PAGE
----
NFL Commissioner Roger Goodell is such a stickler for adhering to the intricacies of the NFL's league rule book that he infamously waged a years-long, multi million-dollar battle with the New England Patriots trying to prove that balls used in the 2014 AFC championship between the Pats and the Indianapolis Colts were under-inflated.
After a federal judge vacated Goodell's four-game suspension of Tom Brady, Goodell appealed to the 2nd U.S. Circuit Court of Appeals; by 2016, the Pats appeared to lose their will to keep fighting the case and eventually accepted the penalty (Brady's four game suspension, $1 million fine, and the loss of two draft picks).
Yet the NFL commissioner, notorious for his unusually massive compensation package -- rumored to be north of $40 million/year, making his total compensation of $156 million higher than Tom Brady's -- is taking a decidedly less fastidious approach to the rules governing the national anthem at NFL games.
The NFL rule book specifically requires both teams appear on the field for the playing of the anthem, standing, remaining quiet, and holding their helmets in their left hands. Failure to do so can result in fines, suspensions, and the loss of draft picks.
The rules are found on pages A62-63 of the league’s game operations manual:
The National Anthem must be played prior to every NFL game, and all players must be on the sideline for the National Anthem.
During the National Anthem, players on the field and bench area should stand at attention, face the flag, hold helmets in their left hand, and refrain from talking. The home team should ensure that the American flag is in good condition. It should be pointed out to players and coaches that we continue to be judged by the public in this area of respect for the flag and our country. Failure to be on the field by the start of the National Anthem may result in discipline, such as fines, suspensions, and/or the forfeiture of draft choice(s) for violations of the above, including first offenses.
On Sunday, almost a hundred players took a knee during the national anthem. The Pittsburgh Steelers, Chicago Beats, Seattle Seahawks, and Tennessee Titans all opted against even coming out on the field for the anthem.
But rather than warn these players and team they're violating league rules, Goodell is focusing his anger at President Trump, who said in a speech Friday that the NFL team owners should require their players to stand during the anthem.
“The way we reacted today, and this weekend, made me proud,” Goodell said. “I’m proud of our league.”
On Saturday, Goodell responded directly to Trump, accusing the president of disrespecting the league, which asipires to "create a sense of unity in our country and our culture":
The NFL and our players are at our best when we help create a sense of unity in our country and our culture. There is no better example than the amazing response from our clubs and players to the terrible natural disasters we've experienced over the last month. Divisive comments like these demonstrate an unfortunate lack of respect for the NFL, our great game and all of our players, and a failure to understand the overwhelming force for good our clubs and players represent in our communities.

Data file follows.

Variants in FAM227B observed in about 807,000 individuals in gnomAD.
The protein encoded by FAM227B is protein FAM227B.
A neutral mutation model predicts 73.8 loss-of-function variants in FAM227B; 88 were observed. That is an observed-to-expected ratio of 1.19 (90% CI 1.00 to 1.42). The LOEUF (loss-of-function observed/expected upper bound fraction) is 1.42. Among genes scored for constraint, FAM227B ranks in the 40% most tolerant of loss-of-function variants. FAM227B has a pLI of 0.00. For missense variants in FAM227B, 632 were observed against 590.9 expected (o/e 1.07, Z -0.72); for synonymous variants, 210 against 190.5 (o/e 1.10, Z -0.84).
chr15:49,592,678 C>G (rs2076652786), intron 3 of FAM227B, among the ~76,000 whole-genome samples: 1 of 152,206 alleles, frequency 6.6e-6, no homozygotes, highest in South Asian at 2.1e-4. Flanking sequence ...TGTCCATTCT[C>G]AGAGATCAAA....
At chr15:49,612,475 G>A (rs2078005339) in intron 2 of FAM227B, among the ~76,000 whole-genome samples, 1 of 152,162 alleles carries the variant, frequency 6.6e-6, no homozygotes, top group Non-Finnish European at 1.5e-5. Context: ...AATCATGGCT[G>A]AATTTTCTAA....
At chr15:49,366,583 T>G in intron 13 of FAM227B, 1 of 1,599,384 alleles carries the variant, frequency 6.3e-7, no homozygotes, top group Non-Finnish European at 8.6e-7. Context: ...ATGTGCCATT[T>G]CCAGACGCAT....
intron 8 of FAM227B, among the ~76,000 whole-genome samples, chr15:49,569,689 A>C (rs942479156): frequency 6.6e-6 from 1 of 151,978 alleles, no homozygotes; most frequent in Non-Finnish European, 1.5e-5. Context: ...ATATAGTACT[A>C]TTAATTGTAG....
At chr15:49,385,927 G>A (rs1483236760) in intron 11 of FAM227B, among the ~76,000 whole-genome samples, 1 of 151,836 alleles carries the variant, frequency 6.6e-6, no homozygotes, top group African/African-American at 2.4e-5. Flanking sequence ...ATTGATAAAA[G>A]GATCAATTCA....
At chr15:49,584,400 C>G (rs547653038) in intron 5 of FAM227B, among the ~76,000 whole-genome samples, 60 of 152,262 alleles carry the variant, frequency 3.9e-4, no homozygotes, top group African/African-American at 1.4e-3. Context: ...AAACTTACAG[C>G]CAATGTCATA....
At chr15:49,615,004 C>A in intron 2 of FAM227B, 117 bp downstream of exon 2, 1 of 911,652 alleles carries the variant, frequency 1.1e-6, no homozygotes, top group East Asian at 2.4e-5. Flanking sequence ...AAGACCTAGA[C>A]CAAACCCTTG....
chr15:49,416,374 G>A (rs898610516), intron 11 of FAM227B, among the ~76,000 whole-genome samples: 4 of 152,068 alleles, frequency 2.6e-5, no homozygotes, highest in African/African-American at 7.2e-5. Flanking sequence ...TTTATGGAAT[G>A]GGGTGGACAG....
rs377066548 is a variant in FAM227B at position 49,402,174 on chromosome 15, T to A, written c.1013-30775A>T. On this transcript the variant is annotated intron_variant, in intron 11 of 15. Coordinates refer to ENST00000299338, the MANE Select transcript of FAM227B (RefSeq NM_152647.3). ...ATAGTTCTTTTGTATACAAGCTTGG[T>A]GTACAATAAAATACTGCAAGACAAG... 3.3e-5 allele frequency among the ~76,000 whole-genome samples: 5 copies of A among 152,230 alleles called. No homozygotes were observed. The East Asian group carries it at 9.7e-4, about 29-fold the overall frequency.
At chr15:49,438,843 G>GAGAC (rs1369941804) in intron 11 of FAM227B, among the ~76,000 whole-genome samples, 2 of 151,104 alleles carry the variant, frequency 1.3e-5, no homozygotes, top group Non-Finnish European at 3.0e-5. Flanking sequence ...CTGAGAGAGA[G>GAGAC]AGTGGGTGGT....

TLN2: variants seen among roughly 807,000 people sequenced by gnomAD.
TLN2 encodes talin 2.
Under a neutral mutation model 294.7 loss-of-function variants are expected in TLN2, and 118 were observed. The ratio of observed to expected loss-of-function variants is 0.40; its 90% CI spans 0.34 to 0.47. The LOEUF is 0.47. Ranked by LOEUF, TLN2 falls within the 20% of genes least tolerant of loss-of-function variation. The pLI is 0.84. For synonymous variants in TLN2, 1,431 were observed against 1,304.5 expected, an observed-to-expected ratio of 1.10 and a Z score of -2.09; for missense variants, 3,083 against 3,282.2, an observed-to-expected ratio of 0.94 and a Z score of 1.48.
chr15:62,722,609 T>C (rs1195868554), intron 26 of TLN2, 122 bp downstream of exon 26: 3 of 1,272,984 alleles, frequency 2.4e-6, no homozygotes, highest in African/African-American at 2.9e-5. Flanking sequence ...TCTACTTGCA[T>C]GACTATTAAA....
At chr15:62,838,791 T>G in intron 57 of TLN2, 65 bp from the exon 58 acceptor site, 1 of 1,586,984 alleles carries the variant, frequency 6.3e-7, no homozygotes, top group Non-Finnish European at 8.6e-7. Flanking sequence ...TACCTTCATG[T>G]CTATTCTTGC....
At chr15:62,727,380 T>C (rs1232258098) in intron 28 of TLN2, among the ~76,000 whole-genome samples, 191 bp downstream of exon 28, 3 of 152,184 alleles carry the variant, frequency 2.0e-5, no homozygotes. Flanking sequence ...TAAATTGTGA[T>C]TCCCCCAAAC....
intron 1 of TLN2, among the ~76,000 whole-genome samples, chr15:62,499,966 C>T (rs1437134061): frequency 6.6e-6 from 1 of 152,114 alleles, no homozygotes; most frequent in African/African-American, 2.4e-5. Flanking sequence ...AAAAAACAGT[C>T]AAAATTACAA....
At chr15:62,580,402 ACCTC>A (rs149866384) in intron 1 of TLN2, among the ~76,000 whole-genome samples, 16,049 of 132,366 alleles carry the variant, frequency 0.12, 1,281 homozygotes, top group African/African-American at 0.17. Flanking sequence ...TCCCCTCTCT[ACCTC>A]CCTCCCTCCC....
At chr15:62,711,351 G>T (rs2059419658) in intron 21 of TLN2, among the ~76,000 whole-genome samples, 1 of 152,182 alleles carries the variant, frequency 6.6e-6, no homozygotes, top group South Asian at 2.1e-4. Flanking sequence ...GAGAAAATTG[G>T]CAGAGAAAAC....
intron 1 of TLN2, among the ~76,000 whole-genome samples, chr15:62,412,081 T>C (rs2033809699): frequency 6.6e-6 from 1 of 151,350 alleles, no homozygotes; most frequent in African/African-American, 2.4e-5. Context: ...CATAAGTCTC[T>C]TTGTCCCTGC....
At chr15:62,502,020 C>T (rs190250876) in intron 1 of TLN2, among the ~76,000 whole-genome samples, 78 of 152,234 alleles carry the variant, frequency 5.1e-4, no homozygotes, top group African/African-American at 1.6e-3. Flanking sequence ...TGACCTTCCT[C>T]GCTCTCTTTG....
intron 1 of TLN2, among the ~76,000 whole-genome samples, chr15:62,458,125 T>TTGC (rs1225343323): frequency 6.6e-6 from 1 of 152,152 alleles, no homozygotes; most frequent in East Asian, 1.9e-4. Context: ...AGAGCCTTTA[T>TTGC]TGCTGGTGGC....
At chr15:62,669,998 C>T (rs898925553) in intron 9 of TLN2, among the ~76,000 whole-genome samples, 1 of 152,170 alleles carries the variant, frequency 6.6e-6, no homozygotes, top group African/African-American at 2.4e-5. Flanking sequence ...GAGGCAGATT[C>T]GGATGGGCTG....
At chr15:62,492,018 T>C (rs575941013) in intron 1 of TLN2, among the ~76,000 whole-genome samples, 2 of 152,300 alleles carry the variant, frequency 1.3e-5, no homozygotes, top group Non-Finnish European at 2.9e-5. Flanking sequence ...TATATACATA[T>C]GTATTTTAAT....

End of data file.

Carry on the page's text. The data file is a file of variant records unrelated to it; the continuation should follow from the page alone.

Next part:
We've reached out to the NFL, asking if any of the players or teams that skipped the national anthem will face discipline; we'll update this report with their comments.
Goodell hasn't always been so supportive of his players engaging in free speech on the field.
UPDATE: Snopes.com claims that this rule does not, in fact, exist. The article cites the rule quoted above and reports "No such wording appears in the 2017 version of the Official Playing Rules of the National Football League."
Yet the NFL's Game Operations Manual -- the 200-plus book the league refers to as its "bible" -- is different than its rulebook. It is not available to the public. The rule cited above comes from the league itself, via the Washington Post.
The Post reported Sunday that the NFL confirmed the rule's existence but emphasized their ability to enforce it selectively:
Under the league rule, the failure to be on the field for the anthem may result in discipline such as a fine, suspension or loss of a draft pick. But a league official said the key phrase is “may” result, adding he won’t speculate on whether the Steelers would be disciplined.
The specific rule pertaining to the national anthem is found on pages A62-63 of the league’s game operations manual, according to a league source.
UPDATE TWO: After Grabien contacted Snopes.com, bringing the above facts to their attention, the author amended his article, confirming the existence of the above-state rule, and changed their description of this story from "false" to "mixture."
UPDATE THREE: The NFL, responding to the Kansas City Star, confirmed the national anthem-related rules cited above. However, the NFL's vice president of communications, Brian McCarthy, "stressed that [the] passage about the national anthem is a guideline and not a requirement."
But this is odd since the rule warns that failure to comply "may result in discipline, such as fines, suspensions, and/or the forfeiture of draft choice(s) for violations of the above, including first offenses." Why does the NFL attach penalties for failure to comply if this is all just a "guideline," as the league now argues?
It appears the NFL is simply changing the rules — by electing not to enforce them.